The Time Traveler’s Wife review: Surprising and challenging TV
Mark Harrison | On 02, Jul 2022
This is a spoiler-lite review of HBO’s The Time Traveller’s Wife – scroll down for our spoiler-filled episode-by-episode observations.
“The past is what didn’t kill you, the future is what definitely will and in between is the only thing that matters.” It’s a line that would suit various protagonists from Steven Moffat’s scripts. In this case, he turns his brand of snappy yet sentimental philosophy to HBO’s new adaptation of The Time Traveller’s Wife, based on the bestselling novel by Audrey Niffenegger.
As much as it could sound like the Doctor or Sherlock or even Dracula, it’s Henry DeTamble (Theo James) who sees the urgency of living in the present, afflicted as he is with a disorder that makes him time-travel at random to different points in his life. Due to his condition, his wife, Claire Abshire (Rose Leslie), has known him since she was a child, and the series is all about the dissonance of falling in love the wrong way round, as the 20-something versions of the couple finally meet officially.
The uphill struggle for this is not that Moffat is unsuited to the material, but rather that he might be too obvious a fit. Niffenegger’s novel was hugely influential on his Doctor Who scripts, whether in the quirk of the Eleventh Doctor meeting young Amy Pond before travelling with her as an adult or the ongoing story of future archaeologist River Song’s relationship with the Time Lord unfolding in the wrong order.
It’s a bit like if George Lucas got to adapt Flash Gordon after making Star Wars, or Rian Johnson followed up Knives Out with a new version of Murder on the Orient Express. Plus, there was already a toned-down PG-13 film version of the book starring Eric Bana and Rachel McAdams – a big comfy jumper of a film, pitched more to the Nicholas Sparks audience than the grown-ups more attuned with the story’s ragged edges and explicit details.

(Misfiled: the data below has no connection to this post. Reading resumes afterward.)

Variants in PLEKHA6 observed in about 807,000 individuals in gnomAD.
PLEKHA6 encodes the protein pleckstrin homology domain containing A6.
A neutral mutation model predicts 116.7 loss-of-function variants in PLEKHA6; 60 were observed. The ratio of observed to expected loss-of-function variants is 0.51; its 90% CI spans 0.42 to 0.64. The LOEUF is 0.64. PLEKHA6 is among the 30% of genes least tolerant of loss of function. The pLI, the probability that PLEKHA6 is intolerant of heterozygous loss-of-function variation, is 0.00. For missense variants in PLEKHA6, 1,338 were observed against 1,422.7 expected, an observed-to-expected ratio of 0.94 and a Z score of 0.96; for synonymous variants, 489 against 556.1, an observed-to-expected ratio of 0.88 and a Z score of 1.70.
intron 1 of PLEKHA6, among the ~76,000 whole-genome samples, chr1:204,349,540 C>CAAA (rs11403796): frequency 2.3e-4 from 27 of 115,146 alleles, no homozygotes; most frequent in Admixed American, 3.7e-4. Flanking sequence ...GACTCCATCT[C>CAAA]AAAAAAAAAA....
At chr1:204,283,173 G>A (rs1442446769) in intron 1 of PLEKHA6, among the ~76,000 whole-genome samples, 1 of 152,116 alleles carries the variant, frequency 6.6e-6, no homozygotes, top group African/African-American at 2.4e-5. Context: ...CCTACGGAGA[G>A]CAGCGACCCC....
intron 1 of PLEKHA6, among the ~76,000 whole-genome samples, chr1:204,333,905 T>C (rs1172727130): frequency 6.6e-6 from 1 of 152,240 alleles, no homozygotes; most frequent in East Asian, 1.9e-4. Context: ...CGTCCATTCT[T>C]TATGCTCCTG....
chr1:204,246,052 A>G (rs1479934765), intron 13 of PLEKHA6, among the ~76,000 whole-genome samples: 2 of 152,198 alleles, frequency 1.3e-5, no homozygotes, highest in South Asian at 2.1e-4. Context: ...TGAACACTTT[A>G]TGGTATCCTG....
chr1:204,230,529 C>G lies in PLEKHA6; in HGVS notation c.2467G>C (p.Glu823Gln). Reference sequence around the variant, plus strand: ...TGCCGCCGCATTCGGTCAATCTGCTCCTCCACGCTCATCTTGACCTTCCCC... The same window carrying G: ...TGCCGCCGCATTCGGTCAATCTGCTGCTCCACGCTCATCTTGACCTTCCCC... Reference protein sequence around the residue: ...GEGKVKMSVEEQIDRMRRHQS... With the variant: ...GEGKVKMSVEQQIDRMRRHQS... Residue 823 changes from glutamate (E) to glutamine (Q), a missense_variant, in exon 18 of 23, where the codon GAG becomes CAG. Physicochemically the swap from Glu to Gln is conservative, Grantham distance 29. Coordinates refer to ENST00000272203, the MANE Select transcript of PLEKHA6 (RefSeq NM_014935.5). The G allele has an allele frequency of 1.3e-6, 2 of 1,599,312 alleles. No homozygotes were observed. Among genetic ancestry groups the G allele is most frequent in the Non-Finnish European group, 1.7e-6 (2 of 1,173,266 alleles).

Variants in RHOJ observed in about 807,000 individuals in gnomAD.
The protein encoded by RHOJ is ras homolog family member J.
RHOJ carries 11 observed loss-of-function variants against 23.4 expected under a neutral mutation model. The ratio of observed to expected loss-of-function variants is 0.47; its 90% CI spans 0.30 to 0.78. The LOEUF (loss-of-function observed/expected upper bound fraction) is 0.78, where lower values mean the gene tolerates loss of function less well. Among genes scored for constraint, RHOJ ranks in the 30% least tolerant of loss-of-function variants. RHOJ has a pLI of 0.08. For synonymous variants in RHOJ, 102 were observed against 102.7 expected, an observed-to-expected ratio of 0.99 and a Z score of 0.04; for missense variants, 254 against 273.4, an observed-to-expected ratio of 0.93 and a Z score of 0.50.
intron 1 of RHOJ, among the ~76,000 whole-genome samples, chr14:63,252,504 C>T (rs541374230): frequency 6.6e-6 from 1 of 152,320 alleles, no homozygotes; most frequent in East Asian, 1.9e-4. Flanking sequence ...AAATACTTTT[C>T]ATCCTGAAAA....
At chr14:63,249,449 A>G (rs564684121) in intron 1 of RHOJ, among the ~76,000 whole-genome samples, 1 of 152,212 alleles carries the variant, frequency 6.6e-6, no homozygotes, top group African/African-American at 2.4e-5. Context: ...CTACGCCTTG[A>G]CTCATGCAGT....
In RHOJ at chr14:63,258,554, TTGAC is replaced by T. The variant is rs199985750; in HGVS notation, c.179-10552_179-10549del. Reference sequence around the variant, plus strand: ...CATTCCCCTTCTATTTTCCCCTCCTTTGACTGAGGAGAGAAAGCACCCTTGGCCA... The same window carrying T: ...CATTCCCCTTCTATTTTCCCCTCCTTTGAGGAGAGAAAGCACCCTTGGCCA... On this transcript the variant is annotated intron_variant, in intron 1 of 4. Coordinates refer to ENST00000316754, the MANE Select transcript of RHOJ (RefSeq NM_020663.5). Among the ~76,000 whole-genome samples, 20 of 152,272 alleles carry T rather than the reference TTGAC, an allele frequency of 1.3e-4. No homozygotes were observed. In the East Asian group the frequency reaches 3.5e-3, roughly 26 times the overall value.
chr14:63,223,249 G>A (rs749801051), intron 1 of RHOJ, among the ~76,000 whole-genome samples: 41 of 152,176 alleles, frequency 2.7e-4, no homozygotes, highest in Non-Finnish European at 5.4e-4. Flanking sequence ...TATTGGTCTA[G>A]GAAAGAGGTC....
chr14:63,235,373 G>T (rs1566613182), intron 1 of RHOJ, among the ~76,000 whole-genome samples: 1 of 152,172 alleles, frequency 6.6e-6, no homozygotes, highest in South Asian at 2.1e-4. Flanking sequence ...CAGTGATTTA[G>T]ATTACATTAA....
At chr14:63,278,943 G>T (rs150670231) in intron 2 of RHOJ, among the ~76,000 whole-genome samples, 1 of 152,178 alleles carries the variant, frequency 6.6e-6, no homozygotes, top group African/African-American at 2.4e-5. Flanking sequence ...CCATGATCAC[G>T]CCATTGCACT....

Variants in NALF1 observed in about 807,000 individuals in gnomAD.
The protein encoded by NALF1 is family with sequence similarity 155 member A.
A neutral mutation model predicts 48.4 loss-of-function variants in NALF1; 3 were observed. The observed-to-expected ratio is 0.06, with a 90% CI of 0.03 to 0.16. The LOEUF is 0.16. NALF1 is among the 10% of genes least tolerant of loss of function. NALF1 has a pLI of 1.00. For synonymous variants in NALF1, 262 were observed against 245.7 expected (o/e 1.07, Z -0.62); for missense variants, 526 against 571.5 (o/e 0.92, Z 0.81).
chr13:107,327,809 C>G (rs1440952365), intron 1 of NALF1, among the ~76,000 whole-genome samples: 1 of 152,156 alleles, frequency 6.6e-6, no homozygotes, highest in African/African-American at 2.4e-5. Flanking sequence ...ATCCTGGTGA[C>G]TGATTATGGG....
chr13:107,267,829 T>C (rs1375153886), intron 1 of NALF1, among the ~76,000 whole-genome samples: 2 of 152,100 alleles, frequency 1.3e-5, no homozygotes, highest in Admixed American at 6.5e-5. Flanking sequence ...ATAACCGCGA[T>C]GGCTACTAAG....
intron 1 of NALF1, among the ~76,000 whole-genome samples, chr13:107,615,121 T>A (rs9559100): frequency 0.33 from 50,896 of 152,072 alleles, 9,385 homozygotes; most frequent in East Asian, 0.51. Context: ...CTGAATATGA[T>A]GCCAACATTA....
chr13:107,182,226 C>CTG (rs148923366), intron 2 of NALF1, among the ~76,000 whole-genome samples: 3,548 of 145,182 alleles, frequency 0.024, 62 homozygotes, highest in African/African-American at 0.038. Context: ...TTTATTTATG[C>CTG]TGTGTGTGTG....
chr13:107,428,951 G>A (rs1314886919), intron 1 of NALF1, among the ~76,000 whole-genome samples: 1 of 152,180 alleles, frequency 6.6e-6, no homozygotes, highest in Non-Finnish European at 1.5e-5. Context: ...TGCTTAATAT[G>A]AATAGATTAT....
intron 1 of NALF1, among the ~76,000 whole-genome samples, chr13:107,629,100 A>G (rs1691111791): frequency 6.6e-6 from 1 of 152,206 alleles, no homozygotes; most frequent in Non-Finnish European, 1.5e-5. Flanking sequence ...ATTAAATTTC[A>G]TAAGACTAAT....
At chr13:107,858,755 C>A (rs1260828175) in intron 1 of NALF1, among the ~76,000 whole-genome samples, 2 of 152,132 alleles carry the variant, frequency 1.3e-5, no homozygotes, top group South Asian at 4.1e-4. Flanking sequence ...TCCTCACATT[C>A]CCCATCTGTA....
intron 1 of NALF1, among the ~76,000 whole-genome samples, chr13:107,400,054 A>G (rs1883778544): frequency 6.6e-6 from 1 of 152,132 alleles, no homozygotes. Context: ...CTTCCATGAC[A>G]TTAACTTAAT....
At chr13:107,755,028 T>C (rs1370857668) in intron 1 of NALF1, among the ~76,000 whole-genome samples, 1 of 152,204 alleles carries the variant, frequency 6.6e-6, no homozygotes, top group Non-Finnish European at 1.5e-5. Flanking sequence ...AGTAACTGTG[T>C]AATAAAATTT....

Over these six episodes, though, it’s the Sherlock and Dracula Steven Moffat who’s come to play – a writer who appreciates the source material but, in adapting it, also contradicts it at every turn to keep the audience on their toes. These scripts are as quotable as we’ve come to expect from Moffat, with his unmistakable mix of sarcasm and sentimentality and, of course, structural shenanigans.
Moffat started his scriptwriting career in sitcoms and has never stopped honing that knack for setups and punchlines, although not always necessarily in that order. Indeed, he revels in this adaptation, building the frame of the story and gradually filling in the gaps. Few bestsellers lend themselves better to a “six-hour-movie” style and, tonally and structurally, each episode of this feels like a self-contained story.
Some devices are more successful than others – the use of talking heads recorded on home video from later in the central couple’s marriage, with our leads in old-age make-up feels like the biggest quantum leap backwards in the show’s tone and style, particularly as the season doesn’t get around to providing any context for the inserts. Likewise, the spritely genre-hopping lands itself in something stickier in Episode 3, which feels like a make-or-break point for audiences.
But from the evolving title sequence (styled after the iconic paperback cover) to the sumptuous direction by David Nutter, this is a handsome show about a chaotic, complicated and not-always-pretty relationship, which happens to capture all the messiness of the source material without simply restating it.